I’ve always had the ability – and the desire – to listen to both sides of a story. But realize that I always have to consider the source.
For example, John Schnatter, CEO of the Papa John’s pizza franchise empire, said that he would have to increase the price of his pizza because of Obamacare. I’m more inclined to take Schattner at his word if it wasn’t for the fact that he was one of Governor Romney’s most visible donors, even holding a fund raiser or two at his private mansion.
Update: Schnattner has apparently walked back his statement about raising his prices and will instead be cutting employee hours due to Obamacare.
The Bottom Line
Some franchisees will continue to grow their businesses. They will also continue to find ways to cut costs. That’s what small business owners do.
While none of us really know what the next year…the next four years actually – will bring in terms of business growth, one thing is certain. Small business owners are in it to win it – and they’ll keep finding ways to do it.
John Schnatter, CEO of Papa John’s Pizza Photo via Shutterstock
Joel, a very interesting post. Any major change in Federal Power like Obamacare creates headwinds for many small business, let alone franchises. Just the time and money it takes to figure out what the legislation means to them can be a daunting task. To point out Mr. Schnatter political affiliation, and intimate that his comments tried to help Mr. Obama’s opponent, may be unfair and out of line.
Thanks for commenting, Kip.
Schnatter’s comments are 100% politically driven; that’s why I pointed him out in this post.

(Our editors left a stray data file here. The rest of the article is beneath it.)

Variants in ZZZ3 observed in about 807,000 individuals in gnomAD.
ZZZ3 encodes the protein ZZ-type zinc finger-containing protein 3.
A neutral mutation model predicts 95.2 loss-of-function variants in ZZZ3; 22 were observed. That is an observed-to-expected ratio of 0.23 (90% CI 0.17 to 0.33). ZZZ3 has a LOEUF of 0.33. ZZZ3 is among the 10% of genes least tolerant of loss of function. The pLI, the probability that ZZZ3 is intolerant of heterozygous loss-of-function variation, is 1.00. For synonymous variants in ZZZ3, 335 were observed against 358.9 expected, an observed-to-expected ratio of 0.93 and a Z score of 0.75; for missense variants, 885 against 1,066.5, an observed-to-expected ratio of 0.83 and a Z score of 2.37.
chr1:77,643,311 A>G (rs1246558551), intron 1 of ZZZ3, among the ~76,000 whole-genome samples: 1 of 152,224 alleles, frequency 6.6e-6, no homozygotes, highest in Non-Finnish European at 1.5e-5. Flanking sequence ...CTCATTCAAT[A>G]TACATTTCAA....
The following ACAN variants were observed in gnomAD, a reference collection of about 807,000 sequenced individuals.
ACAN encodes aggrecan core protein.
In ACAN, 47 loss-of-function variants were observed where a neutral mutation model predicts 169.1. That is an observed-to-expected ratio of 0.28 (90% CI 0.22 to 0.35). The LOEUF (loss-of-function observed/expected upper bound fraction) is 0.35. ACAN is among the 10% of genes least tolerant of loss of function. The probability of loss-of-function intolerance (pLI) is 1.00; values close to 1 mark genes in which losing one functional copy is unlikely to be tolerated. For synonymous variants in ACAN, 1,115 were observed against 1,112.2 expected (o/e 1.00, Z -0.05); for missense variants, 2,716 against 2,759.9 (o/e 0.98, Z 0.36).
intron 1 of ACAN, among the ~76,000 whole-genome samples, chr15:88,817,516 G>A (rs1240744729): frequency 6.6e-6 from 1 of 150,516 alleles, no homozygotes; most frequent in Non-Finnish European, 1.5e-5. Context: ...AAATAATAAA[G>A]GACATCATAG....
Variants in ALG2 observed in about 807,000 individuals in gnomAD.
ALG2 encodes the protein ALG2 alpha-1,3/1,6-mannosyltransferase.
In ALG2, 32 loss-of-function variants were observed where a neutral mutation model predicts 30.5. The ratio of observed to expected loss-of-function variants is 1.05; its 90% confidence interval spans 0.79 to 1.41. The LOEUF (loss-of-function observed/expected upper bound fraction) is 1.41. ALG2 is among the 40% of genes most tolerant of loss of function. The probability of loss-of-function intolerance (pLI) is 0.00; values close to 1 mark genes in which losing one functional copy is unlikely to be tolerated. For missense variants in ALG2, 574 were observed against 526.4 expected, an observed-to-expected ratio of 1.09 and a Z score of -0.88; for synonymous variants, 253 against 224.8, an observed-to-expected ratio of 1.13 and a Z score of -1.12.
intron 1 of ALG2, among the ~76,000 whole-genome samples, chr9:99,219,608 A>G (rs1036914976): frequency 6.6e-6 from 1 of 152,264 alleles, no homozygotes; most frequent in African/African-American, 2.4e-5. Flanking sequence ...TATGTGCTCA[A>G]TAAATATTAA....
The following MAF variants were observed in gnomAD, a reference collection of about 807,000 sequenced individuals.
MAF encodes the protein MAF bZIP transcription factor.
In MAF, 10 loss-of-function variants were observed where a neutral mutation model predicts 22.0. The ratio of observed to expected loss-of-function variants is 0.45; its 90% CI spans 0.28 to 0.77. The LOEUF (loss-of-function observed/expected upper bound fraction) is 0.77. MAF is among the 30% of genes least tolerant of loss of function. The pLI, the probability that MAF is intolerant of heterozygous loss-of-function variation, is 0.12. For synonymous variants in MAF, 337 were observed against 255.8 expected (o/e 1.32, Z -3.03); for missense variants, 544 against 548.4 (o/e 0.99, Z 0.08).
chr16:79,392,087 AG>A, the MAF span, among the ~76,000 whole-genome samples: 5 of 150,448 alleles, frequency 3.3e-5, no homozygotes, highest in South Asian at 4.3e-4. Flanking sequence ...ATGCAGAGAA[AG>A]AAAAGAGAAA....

And, his political affiliation is obviously important here.
It’s time to get back to doing business.
The Franchise King®
Great informative post, Joel. Thanks for sharing this with us.
You’re welcome, Ti!
Why the focus on political affiliations rather than the facts?
ObamaCare mandates minimum standards for health plans (60% or more of expected healthcare expenses), and requires that employees pay no more than 9.5% of family income in premiums.
Employers pick up the difference between premium costs, and employee contributions. If employers chose not to swallow this higher cost, they must pay penalties for not offering affordable coverage.
Pizza franchises employ a significant number of low income workers – those most likely to require higher employer premium contributions, or penalties.
Any way you slice it, ObamaCare increases the cost of making and delivering pizza – no matter what your political affiliation.
Thanks for commenting, Kevin.
If the franchisors – and even some of the franchisees that are being vocal about they’re, “plans” weren’t being political to begin with, I wouldn’t have to bring up their affiliations.
And those pizza franchise employees? A lot of them are part-time.
They would probably never be offered benefits to begin with, these days.
The Franchise King®
Joel, [Edited by Editor] Getting back to bad business is a poor suggestion on how to run the most successful free-market country well, ever… Have a great day!